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No. 4: July 1978

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Good-bye to the bimini wall and road?

A perennial fixture of sensational archeology has been the frequent report of submerged "walls" or "roads" off North Bimini, in the Bahamas. That there are closely fitted, rectilinear stones under about 15 feet of water is not in question. The 1- to 10-ton blocks surely look manmade, but are they really? E.A. Shinn describes several "beach-rock" formations in the area, some exposed and some submerged under a few feet of water. This beach rock, as his photos demonstrate, has a natural tendency to fracture into rectangular blocks, creating strips of pavement-like blocks essentially identical to the famous Bimini road. Proponents of Atlantis and other radical archeological theories do not deny the similarity of the formations or even that the natural and supposedly man-made blocks are of the same composition. The Atlanteans, they say, obviously made use of readily available materials, and beach rock was their choice. Shinn goes on to prove to his satisfaction that the Bimini block formations are still in place where geological forces left them about 2,200 years ago. Further, he notes, there are absolutely no traces of human workmanship and no human artifacts in the area.

One mystery is admitted, however, in this debunking article; and that is the unanswered question of how the Bimini rocks came to be submerged in 15 feet of water, when considerable evidence indicates that no such sea-level changes occurred in the last 2,200 years.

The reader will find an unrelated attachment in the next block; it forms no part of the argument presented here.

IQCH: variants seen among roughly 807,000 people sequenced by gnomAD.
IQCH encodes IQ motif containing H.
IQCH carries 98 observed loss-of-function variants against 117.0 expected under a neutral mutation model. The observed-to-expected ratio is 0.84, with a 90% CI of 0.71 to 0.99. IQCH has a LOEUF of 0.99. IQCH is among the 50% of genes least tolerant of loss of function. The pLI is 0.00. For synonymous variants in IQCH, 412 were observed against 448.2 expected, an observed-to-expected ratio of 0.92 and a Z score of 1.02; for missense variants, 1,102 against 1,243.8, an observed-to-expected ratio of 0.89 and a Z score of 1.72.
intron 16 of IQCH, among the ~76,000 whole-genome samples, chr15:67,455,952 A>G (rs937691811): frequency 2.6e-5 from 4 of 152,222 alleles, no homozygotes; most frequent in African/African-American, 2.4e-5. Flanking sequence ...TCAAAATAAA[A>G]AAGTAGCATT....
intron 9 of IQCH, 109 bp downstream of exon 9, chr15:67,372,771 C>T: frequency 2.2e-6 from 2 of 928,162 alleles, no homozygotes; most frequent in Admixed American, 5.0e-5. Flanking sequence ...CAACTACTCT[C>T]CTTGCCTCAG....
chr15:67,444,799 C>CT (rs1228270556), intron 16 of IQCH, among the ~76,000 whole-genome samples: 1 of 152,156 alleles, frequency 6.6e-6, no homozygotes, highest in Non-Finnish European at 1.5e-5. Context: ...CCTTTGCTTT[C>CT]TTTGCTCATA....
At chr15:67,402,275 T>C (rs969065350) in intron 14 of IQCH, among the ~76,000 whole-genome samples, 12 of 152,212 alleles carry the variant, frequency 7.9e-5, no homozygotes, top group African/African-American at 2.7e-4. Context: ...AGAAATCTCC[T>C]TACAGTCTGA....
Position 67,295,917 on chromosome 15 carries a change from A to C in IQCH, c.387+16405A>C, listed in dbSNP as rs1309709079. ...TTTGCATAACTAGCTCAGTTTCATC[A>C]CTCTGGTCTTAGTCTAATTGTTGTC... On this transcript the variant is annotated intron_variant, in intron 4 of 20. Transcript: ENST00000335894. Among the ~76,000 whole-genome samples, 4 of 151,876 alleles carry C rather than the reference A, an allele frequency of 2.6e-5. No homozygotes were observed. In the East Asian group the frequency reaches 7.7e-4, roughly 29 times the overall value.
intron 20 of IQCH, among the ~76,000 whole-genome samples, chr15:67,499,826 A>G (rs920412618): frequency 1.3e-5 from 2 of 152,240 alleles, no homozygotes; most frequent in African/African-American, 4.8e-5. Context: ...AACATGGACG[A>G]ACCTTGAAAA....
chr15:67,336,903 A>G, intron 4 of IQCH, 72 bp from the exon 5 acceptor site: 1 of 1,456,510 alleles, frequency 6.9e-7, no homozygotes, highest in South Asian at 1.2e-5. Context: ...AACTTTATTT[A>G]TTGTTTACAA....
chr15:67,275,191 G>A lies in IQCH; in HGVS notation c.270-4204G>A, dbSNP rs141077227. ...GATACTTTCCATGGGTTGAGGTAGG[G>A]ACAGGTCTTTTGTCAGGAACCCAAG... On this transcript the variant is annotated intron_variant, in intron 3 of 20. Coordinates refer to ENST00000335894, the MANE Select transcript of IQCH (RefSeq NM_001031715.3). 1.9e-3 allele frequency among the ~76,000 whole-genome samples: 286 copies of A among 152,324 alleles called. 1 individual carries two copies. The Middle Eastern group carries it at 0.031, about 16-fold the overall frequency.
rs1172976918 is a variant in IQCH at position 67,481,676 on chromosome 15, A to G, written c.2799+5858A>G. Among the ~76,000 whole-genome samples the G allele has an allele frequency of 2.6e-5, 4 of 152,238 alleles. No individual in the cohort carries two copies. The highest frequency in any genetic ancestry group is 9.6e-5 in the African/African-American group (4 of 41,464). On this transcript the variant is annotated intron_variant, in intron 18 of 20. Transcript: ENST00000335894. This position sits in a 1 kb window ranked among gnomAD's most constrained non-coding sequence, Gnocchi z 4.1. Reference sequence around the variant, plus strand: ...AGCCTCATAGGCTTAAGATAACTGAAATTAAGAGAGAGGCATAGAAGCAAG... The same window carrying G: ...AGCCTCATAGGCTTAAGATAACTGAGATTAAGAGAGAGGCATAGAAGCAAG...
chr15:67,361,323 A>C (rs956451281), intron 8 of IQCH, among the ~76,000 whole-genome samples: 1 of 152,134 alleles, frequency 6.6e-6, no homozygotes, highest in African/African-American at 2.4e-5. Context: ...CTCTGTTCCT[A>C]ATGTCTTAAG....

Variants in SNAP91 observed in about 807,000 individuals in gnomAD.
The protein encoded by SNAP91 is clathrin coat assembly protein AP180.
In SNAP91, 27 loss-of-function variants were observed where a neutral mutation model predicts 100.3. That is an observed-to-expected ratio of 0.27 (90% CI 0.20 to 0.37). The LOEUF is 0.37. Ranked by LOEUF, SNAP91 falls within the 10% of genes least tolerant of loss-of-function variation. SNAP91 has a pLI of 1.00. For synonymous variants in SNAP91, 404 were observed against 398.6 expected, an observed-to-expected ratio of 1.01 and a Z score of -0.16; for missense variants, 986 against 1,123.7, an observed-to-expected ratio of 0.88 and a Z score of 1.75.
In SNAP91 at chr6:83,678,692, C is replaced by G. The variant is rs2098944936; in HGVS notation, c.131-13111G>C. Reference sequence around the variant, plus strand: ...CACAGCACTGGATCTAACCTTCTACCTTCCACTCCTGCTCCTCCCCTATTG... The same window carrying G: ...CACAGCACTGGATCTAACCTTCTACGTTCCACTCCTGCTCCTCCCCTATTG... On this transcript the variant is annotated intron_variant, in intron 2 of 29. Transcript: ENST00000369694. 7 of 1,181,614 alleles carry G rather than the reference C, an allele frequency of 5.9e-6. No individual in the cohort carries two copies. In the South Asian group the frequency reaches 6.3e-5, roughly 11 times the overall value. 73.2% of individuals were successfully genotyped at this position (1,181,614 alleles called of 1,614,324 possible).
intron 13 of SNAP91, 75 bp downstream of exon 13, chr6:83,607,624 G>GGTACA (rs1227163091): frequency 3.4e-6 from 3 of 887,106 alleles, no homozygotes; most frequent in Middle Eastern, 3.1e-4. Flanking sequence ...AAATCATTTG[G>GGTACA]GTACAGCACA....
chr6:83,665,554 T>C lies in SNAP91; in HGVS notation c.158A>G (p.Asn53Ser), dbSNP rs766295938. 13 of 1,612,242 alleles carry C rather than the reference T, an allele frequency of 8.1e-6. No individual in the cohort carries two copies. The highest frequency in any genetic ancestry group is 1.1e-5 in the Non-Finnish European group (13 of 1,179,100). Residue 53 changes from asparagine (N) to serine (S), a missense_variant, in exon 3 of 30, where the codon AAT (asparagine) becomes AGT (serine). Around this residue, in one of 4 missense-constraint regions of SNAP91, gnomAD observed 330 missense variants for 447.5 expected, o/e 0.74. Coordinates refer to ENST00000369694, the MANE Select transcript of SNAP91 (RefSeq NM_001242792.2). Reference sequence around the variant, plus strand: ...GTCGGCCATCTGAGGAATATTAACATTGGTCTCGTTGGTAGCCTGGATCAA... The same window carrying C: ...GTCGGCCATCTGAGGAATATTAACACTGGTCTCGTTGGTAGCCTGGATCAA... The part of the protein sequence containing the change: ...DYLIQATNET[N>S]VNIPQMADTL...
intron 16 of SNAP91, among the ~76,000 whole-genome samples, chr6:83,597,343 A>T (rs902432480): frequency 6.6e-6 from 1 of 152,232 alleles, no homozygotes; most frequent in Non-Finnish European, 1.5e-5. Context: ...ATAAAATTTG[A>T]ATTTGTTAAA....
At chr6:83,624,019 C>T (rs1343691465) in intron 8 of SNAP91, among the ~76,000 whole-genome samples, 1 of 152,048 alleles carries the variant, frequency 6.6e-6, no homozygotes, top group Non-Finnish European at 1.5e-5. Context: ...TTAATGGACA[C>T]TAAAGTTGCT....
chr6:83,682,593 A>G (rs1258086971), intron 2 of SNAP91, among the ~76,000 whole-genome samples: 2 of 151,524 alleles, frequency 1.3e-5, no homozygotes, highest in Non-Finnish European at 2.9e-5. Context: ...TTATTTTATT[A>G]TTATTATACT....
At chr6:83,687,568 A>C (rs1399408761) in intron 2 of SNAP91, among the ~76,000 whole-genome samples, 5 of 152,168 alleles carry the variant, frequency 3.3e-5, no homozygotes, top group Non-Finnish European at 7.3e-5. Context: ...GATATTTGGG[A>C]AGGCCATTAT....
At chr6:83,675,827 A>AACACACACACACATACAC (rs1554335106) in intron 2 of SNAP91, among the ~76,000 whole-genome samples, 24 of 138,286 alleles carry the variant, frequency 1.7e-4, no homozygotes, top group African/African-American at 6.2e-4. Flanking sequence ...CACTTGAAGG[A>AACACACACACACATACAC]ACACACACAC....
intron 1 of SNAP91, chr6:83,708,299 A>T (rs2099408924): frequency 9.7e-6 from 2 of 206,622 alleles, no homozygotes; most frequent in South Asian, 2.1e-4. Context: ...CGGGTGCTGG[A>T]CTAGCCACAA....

(Shinn, E.A.; "Atlantis: Bimini Hoax," Sea Frontiers, 24:130, 1978.)

From Science Frontiers #4, July 1978. 1978-2000 William R. Corliss

Science Frontiers Sourcebook Project Reviewed in:

Quotes

  • "A sourcebook of unexplained phenomena is therefore a valuable addition to a collection of scientific literature. William R. Corliss has provided this in the past with his source books of scientific anomalies in several subjects, and now he has provided it for astronomy. He has done an excellent job of collecting and editing a large amount of material, taken in part from scientific journals and in part from scientific reporting in the popular or semi-scientific press." -- "The Mysterious Universe: A Handbook of Astronomical Anomalies", reviwed by Thomas Gold, Cornell University, in Icarus, vol.41, 1980

  • "An interesting, systematic presentation of unusual weather [..] This book is recommended for a general audience" --"Corliss, William R., Tornados, Dark Days, Anomalous Precipitation, and Related Weather Phenomena, Sourcebook Project, 1983.", revieweed in Choice, September 1983
  • "..the science is necessarily somewhat speculative, but Corliss's symthesis is based on reputable sources." -- "Corliss, William R. (Compiler). Lightning, Auroras, Nocturnal Lights, and Related Luminous Phenomena" reviwed by Joseph M. Moran, Univ. of Wisconsin in Science Books and Films, Sep/Oct 1983

  • "Before opening the book, I set certain standards that a volume which treads into dangerous grounds grounds like this must meet. The author scrupulously met, or even exceeded those standards. Each phenomenon is exhaustively documented, with references to scientific journals [..] and extensive quotations" -- "Book Review: The moon and planets: a catalog of astronomical anomalies", The Sourcebook Project, 1985., Corliss, W. R., Journal of the Royal Astronomical Society of Canada, Vol. 81, no. 1 (1987), p. 24., 02/1987